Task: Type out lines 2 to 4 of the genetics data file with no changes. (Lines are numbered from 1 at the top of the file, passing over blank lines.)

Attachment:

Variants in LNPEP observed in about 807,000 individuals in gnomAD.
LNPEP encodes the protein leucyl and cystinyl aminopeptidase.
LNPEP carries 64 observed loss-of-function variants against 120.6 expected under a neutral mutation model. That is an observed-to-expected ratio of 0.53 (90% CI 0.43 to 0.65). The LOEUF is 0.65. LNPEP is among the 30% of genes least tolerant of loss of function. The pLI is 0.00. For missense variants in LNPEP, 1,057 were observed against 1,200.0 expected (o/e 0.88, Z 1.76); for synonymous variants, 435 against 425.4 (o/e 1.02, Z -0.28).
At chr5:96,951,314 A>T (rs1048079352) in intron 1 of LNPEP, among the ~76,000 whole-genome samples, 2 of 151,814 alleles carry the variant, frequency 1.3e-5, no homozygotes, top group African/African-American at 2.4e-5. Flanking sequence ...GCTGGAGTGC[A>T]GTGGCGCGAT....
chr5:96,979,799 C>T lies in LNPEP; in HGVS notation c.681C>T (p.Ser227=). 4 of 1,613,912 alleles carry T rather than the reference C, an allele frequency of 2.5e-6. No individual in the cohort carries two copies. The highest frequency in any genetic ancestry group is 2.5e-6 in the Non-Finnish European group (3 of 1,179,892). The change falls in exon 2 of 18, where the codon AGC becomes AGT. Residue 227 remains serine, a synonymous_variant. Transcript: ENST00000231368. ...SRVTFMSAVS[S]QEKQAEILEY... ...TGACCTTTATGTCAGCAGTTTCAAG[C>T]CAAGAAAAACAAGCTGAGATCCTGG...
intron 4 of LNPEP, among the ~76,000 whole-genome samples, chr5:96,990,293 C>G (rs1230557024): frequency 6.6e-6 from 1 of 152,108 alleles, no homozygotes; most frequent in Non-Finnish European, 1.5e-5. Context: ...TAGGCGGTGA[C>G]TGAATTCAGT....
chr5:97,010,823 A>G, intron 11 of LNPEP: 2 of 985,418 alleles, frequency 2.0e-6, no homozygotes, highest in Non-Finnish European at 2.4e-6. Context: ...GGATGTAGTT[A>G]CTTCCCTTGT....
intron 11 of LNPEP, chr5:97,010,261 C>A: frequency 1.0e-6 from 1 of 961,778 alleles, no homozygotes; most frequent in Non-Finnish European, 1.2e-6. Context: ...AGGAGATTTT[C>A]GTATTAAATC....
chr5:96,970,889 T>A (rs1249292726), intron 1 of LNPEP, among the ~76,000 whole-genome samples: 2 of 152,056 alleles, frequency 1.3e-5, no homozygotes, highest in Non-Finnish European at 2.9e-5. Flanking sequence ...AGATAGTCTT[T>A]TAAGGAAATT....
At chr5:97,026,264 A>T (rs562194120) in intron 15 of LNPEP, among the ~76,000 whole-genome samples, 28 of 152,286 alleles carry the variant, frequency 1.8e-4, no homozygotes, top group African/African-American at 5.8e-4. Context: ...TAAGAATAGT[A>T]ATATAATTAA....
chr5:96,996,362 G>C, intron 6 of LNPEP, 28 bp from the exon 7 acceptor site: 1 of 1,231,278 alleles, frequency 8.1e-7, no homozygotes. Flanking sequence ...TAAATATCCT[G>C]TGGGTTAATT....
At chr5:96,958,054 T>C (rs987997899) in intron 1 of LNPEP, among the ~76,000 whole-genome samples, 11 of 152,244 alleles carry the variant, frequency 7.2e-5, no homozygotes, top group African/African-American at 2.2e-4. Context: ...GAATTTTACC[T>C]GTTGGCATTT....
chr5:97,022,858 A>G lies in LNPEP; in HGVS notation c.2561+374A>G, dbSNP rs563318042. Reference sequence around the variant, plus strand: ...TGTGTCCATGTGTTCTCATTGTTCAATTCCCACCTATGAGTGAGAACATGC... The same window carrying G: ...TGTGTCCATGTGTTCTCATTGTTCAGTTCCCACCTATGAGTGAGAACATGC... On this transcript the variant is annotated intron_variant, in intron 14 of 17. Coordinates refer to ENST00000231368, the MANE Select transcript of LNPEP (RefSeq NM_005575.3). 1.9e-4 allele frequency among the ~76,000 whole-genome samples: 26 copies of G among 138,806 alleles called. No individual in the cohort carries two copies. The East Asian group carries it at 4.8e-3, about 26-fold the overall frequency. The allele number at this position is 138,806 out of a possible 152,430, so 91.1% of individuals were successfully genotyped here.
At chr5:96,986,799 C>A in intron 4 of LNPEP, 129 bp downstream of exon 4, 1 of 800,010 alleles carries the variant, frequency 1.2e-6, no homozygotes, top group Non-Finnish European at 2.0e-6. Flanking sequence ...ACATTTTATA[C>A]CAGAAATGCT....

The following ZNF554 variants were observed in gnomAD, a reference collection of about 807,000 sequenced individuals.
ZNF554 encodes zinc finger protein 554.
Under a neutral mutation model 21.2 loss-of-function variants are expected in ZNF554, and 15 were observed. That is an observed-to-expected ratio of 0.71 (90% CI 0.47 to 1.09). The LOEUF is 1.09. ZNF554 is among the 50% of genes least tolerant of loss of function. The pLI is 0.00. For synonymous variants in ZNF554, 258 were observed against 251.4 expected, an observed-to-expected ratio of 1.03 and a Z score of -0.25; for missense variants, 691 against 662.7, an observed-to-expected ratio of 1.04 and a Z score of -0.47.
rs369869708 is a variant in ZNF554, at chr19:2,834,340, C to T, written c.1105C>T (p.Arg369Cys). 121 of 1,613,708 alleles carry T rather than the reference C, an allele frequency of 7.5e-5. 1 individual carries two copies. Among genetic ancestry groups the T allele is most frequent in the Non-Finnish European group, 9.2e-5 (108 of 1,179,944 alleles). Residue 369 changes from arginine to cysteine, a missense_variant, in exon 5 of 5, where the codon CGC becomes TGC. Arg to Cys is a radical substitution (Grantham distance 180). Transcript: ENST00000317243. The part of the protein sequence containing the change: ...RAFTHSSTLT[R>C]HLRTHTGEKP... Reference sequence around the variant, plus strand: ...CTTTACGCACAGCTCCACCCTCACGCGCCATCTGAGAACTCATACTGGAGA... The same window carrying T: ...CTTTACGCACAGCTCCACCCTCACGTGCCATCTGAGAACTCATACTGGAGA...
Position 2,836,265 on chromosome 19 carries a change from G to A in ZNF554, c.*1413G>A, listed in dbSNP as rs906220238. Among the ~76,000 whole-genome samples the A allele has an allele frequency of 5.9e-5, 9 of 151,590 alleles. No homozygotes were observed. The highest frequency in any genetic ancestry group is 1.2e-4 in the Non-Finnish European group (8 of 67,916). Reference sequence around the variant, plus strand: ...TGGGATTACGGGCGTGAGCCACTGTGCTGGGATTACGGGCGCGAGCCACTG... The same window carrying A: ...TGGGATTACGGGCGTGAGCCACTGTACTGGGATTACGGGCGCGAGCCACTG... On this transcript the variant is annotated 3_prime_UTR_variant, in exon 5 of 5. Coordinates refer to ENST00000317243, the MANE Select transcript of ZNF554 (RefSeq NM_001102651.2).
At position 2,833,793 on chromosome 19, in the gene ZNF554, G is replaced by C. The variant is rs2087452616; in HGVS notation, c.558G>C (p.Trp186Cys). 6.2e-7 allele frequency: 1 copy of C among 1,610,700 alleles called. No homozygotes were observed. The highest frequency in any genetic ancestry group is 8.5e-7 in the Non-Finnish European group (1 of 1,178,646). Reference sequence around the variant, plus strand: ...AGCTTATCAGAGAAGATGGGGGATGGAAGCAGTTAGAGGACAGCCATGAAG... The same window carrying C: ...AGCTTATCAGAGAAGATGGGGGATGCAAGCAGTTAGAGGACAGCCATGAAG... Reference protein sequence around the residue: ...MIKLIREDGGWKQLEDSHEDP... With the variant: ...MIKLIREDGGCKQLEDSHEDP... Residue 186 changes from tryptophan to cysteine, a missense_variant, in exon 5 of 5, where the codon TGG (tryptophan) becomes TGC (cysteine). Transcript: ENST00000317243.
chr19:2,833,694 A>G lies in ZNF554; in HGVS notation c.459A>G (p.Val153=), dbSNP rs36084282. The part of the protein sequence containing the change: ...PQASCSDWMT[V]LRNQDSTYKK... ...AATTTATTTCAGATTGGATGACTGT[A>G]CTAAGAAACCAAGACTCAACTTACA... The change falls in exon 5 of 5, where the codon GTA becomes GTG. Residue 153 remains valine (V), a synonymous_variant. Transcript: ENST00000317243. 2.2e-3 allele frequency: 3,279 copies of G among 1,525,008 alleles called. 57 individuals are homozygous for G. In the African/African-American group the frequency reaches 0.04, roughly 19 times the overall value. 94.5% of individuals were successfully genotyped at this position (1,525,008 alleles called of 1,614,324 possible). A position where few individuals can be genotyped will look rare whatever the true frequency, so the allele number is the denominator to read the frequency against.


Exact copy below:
LNPEP encodes the protein leucyl and cystinyl aminopeptidase.
LNPEP carries 64 observed loss-of-function variants against 120.6 expected under a neutral mutation model. That is an observed-to-expected ratio of 0.53 (90% CI 0.43 to 0.65). The LOEUF is 0.65. LNPEP is among the 30% of genes least tolerant of loss of function. The pLI is 0.00. For missense variants in LNPEP, 1,057 were observed against 1,200.0 expected (o/e 0.88, Z 1.76); for synonymous variants, 435 against 425.4 (o/e 1.02, Z -0.28).
At chr5:96,951,314 A>T (rs1048079352) in intron 1 of LNPEP, among the ~76,000 whole-genome samples, 2 of 151,814 alleles carry the variant, frequency 1.3e-5, no homozygotes, top group African/African-American at 2.4e-5. Flanking sequence ...GCTGGAGTGC[A>T]GTGGCGCGAT....